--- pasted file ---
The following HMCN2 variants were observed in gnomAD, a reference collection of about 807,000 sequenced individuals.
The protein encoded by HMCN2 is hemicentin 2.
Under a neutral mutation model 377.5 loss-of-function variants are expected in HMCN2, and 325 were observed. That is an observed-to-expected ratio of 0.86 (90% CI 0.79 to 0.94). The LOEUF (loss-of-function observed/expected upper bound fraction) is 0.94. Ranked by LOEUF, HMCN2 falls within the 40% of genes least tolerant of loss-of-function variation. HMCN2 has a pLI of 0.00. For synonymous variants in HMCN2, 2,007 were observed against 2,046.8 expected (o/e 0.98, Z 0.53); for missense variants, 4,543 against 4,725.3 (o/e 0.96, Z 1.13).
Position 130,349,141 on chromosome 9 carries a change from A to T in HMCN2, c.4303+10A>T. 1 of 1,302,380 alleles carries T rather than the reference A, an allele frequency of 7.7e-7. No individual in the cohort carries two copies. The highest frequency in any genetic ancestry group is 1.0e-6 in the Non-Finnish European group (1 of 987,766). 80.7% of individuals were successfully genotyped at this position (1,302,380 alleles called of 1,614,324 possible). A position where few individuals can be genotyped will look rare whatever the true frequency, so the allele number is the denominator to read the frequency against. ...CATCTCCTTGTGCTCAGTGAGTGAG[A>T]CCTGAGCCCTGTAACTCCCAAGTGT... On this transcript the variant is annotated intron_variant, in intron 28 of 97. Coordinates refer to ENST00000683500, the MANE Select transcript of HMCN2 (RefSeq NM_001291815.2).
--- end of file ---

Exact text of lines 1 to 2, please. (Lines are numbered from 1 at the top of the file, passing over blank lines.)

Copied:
The following HMCN2 variants were observed in gnomAD, a reference collection of about 807,000 sequenced individuals.
The protein encoded by HMCN2 is hemicentin 2.